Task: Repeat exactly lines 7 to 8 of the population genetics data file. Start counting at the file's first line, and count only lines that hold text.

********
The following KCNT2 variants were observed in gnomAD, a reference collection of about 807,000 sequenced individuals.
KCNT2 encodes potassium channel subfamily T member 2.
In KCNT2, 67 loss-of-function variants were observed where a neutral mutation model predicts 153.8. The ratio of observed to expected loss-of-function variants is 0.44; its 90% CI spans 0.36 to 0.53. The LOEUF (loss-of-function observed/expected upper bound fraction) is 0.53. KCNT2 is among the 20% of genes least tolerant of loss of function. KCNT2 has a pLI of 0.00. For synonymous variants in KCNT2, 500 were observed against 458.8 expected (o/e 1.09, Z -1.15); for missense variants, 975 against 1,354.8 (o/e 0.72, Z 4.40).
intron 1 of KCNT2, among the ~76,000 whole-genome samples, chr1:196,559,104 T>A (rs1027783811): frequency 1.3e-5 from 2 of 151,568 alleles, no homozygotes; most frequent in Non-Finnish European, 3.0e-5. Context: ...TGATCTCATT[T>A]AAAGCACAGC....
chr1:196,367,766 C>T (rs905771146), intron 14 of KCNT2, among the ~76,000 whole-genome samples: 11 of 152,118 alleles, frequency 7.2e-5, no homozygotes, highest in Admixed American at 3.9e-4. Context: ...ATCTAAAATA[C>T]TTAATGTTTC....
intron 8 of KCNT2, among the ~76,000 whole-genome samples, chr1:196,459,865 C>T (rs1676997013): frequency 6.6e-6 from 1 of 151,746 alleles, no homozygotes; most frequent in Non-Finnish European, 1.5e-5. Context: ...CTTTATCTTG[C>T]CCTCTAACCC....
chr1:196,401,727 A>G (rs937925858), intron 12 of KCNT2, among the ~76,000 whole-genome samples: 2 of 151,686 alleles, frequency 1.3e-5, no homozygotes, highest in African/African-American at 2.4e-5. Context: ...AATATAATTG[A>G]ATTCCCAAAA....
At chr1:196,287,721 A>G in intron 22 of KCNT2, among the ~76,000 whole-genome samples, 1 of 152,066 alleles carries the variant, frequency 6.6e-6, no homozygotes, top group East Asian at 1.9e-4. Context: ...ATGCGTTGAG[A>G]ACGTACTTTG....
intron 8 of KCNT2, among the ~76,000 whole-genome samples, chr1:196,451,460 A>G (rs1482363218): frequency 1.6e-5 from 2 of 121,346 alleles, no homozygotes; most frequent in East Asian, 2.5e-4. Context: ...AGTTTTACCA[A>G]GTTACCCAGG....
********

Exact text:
chr1:196,401,727 A>G (rs937925858), intron 12 of KCNT2, among the ~76,000 whole-genome samples: 2 of 151,686 alleles, frequency 1.3e-5, no homozygotes, highest in African/African-American at 2.4e-5. Context: ...AATATAATTG[A>G]ATTCCCAAAA....
At chr1:196,287,721 A>G in intron 22 of KCNT2, among the ~76,000 whole-genome samples, 1 of 152,066 alleles carries the variant, frequency 6.6e-6, no homozygotes, top group East Asian at 1.9e-4. Context: ...ATGCGTTGAG[A>G]ACGTACTTTG....